An Eighteenth-Century Love Story

http://financeinspired.com/?voskovafigyra=ikili-opsiyon-brokerlar%C4%B1&2e8=a7 Posted on February 13, 2014 by - Early Modern History, Gender History, Hans Sloane, History of Medicine, Patients

this page The Newdigate family became Hans Sloane’s patients around 1701, starting with Lady Frances Sedley (née Newdigate), her husband, and father-in-law. By 1705-6, Sloane was treating Elizabeth Newdigate (b. 1682) for colic, hysteria and fever (BL Sl. MS 4076, 1 July 1705, f. 173; 4077, 21 December 1706, f. 164). But Elizabeth’s complaints went far beyond the medical.

http://bundanoonhotel.com.au/?plerok=buy-ta A letter of 1 November 1706 detailed her illness, penury, and unhappy family situation. Specifically, she blamed the “distruction of my health if not to the loss of life” on her brother and sisters who were “miserably unkind” to her. This was partly financial, as her brother Dick

go site wou’d not help me to one peny of money when I was sick in London but forsed me to borow of strangers.

http://ramshergill.com/womens/walter-raes/ Dick had apparently even written to “all my Relations [that] I unjustly demanded mony of him when he was not in my debt”.

http://outdooratlas.com/wp-json/oembed/1.0/embed?url=http://outdooratlas.com/item/personal/ But the siblings were being unreasonable in another way, too. They had dismissed her illness, telling everyone “that I was distracted and had no illness but that of being in love”. She swore innocence in the matter, insisting that she had not even really spoken to the man.

Theodore Lane, A young woman escapes down a rope of sheets, intending to elope with her lover, n.d. Credit: Wellcome Library, London.

http://www.newhopehousing.org/?penelopa=Best-binary-options-forums-learn&22f=64 Theodore Lane, A young woman escapes down a rope of sheets, intending to elope with her lover, n.d. Credit: Wellcome Library, London.

buy strattera no prescription Of course, she must have done… or perhaps her siblings had put the idea of an unsuitable match into head. A year later, she married Abraham Meure, the son of a Huguenot schoolmaster–self-styled a “Gent.” in the marriage contract of 3 September 1707 (Warwickshire County Record Office, CR 136 C2734).

forex valuta For a woman from a good gentry family, this was a bad choice of husband. A torn-out page from the family Bible makes clear that Elizabeth had “married herself” (WCRO, CR 136/B830). Her father made the point again in the marriage settlement, promising “That for and notwithstanding the consent and good likeing of the said Sr Richard Newdigate is not obtained”, he would still pay her portion. Abraham, nonetheless, does appear to have been a man of some means. Not only did he renounce his claim on and interest in Elizabeth’s portion, “out of the great love and affection” he had for her, but he would provide an annuity of £300.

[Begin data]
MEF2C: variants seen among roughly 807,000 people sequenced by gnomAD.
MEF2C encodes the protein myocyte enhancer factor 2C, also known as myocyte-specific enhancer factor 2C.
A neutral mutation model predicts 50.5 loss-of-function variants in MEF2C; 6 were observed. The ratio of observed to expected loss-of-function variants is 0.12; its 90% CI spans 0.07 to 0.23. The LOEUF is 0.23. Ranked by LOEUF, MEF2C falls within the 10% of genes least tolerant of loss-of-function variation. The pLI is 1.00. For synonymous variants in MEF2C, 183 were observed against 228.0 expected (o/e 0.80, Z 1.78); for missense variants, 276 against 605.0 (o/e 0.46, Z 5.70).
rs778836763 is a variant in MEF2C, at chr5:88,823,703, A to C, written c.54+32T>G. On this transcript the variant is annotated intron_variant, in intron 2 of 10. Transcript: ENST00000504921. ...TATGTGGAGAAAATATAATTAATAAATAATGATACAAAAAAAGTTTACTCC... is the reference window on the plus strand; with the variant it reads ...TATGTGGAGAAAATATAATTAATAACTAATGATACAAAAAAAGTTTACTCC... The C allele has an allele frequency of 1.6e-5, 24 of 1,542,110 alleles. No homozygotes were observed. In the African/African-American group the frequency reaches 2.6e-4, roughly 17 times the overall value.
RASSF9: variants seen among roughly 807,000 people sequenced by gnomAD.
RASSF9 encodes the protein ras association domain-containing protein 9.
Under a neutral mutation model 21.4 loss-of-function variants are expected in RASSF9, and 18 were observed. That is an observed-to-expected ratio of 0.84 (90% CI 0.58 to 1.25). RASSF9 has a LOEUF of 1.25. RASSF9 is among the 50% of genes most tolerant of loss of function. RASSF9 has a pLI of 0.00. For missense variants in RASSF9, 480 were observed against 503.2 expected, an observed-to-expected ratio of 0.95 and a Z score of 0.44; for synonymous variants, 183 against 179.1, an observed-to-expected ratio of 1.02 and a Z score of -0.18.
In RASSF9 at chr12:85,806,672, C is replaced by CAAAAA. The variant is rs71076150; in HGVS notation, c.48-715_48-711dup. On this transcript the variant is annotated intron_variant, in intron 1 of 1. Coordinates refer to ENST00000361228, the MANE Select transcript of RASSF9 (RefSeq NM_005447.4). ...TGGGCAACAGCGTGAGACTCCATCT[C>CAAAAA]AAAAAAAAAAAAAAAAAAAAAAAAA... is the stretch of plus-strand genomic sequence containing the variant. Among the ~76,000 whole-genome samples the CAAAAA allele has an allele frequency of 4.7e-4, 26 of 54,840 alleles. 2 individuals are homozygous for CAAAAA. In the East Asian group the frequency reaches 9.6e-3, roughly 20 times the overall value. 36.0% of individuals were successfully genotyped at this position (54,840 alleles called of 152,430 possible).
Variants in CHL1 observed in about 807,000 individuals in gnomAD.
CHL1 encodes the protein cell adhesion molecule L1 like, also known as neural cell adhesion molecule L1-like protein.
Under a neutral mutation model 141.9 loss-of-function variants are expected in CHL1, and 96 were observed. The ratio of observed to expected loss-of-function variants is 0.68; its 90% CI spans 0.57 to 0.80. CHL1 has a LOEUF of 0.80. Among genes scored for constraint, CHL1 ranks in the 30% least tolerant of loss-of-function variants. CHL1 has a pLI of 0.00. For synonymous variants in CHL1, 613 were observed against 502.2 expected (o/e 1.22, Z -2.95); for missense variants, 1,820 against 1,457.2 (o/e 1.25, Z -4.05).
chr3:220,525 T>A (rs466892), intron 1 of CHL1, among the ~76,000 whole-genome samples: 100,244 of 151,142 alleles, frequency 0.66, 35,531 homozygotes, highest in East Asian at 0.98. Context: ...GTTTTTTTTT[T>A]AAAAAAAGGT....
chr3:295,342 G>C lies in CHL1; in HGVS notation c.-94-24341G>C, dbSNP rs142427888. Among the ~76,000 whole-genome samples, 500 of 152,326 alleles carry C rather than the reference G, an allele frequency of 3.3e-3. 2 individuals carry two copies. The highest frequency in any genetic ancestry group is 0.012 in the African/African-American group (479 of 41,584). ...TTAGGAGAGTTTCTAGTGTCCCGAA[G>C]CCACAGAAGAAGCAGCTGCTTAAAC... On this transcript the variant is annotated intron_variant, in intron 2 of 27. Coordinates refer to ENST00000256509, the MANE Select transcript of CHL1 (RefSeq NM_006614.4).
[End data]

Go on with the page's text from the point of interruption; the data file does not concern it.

http://precical.be/?interest=opzioni-digitali-con-prorealtime&d7a=55 Elizabeth’s letter reads like a cry for pity.  Perhaps, by playing upon her defenselessness, she hoped to persuade Sloane to mediate on her behalf. Given her eventual success in marrying Abraham, it is entirely possible that Sloane did help. Sloane certainly continued on as physician to the Newdigate and Meure families. And over time, Abraham became a close member of the family, helping his brother-in-law William Stephens during financial difficulties.

follow site Unfortunately, Elizabeth and Abraham’s match was short-lived. Elizabeth died on 9 July 1710, just two weeks after giving birth to their son John.

3 comments on “An Eighteenth-Century Love Story

    • Lisa Smith on

      official site The son must have died soon after, as he wasn’t listed in Meure’s will. Meure took on paying the rates for his father’s school and, presumably, doing the teaching from 1708-1716. (His father suffered from dementia and died in 1714.) However, he eventually bought property in Surrey and sent Sloane occasional letters (including lottery tickets in 1719!). By 1721, he was in financial trouble and his brother-in-law William Stephens helped him. Meure returned in 1729 by using his role on the Board of the York Buildings Company to find Stephens a post. Meure died some time between 1729 and 1732, but never remarried.

      Reply

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